And as far as #2, driving up the stock price goes, that's easy, because it's basically a variation on #1.  The easiest way to drive up the stock price is to increase profits (it's called "productivity," though, so as not to sound quite so craven and soulless).  The easiest way these days to increase profits is to fire everyone you don't play golf with, and send their jobs to India, or Mexico, or China, or just simply make those left behind work harder to absorb the loss of their colleagues.

And make no mistake, that's exactly what Carly Fiorina and Meg Whitman did.  Yeah, it'd be pretty hard to find two better examples of unimaginative insipid chief executives pulling their one fucking trick out of their dumbass stock CEO playbooks than Fiorina and Whitman.

So anyway, if you want to vote Democratic on November 2nd because Whitman was mean to her maid, or because she paid off Princeton to make her son's rape accusation go away, that's fine.  If you want to vote Democratic because Fiorina said mean things about Barbara Boxer's hair, or because she's vociferously anti-choice, you'll get no argument from me.  But it would be nice if people also rejected them because CEOs don't make good public servants.  Because public servants serve the public, and CEOs have no fucking idea how to do that.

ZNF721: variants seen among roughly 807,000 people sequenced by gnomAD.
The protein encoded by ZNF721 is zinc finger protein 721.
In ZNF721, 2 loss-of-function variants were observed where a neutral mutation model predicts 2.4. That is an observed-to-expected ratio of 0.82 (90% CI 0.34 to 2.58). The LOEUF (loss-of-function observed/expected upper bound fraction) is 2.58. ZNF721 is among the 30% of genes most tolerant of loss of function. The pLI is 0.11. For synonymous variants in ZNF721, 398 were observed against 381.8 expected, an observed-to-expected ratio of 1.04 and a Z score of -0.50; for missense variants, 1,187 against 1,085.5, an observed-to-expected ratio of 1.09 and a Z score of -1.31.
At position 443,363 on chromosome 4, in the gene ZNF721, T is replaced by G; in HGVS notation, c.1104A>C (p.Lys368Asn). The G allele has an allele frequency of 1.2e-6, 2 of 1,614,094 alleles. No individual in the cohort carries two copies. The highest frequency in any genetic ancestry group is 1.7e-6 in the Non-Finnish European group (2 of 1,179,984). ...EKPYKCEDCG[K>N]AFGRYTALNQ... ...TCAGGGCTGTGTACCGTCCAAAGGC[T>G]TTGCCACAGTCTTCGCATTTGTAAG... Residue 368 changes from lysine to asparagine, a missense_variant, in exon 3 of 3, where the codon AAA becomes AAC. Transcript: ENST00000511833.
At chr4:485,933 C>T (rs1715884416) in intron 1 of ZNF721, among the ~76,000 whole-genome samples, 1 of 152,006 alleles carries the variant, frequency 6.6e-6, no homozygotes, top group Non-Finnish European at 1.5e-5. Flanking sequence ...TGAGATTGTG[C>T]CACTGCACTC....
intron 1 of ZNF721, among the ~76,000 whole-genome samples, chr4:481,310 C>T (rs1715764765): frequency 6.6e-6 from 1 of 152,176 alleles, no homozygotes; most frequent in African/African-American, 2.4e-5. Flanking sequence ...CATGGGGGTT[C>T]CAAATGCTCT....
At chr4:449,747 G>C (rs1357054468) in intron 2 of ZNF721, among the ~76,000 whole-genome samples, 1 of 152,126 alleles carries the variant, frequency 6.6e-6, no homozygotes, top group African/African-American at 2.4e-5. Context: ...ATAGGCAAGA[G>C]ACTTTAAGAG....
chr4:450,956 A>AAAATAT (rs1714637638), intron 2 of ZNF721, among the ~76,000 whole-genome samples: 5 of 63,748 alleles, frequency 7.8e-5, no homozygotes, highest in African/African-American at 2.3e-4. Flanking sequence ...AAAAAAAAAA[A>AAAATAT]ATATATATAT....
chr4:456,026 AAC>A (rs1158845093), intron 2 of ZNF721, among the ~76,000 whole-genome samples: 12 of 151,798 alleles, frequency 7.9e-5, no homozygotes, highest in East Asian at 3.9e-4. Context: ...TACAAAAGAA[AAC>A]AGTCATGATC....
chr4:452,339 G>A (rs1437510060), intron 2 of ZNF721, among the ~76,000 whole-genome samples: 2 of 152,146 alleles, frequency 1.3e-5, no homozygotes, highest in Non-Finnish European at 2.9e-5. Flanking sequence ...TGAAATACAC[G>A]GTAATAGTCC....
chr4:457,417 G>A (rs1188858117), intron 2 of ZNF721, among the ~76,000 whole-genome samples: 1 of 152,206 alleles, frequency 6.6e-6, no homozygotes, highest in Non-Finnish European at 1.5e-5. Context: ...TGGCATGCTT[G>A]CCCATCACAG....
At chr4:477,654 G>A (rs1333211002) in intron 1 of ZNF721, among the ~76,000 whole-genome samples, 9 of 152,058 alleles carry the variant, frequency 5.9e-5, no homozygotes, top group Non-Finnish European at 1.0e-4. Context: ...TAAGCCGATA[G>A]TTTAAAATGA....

Nor do they have any inclination to learn.

They're simply just bad people.  Look, let me put it this way: if government is a hen house, and, you know, it kinda is, then they are the foxes.  They're not there to restructure the coop.  They're there to eat chickens and move the fuck on before anyone figures out what it is they've done.

And if you, dear deeply credible voters, still need one more piece of evidence that the whole "what we need is a CEO!" meme is complete fucking hogwash, then I invite you to think back a mere ten years, when Al Gore was beaten over the head with his own lifetime of public service by serial CEO George W. Bush.  

Yeah.  That's what I thought.


RandyLuvsPaiste said...

At least Ebay didn't crash and burn on Whitman's watch. Does NOBODY else remember how Carly Fiorina had to be driven away by HP's board? Condé Nast Portfolio listed Fiorina as one of "The 20 Worst American CEOs of All Time", characterizing the HP-Compaq merger as a widely regarded failure, and citing the halving of HP's stock value under her tenure. She was given a golden parachute of slightly more than $20 million. Why would anybody think she'd be a good senator?

Ben Deily said...

SEVENTEEN YEARS in the business world, and Oh My Sweet Christ is every word you said true.

The seeming veneration of CEOs can only (I conclude, in bafflement) be based on a bunch of hollywood film tropes, a couple of sympathetic TV portrayals, and--what?--Steve Jobs?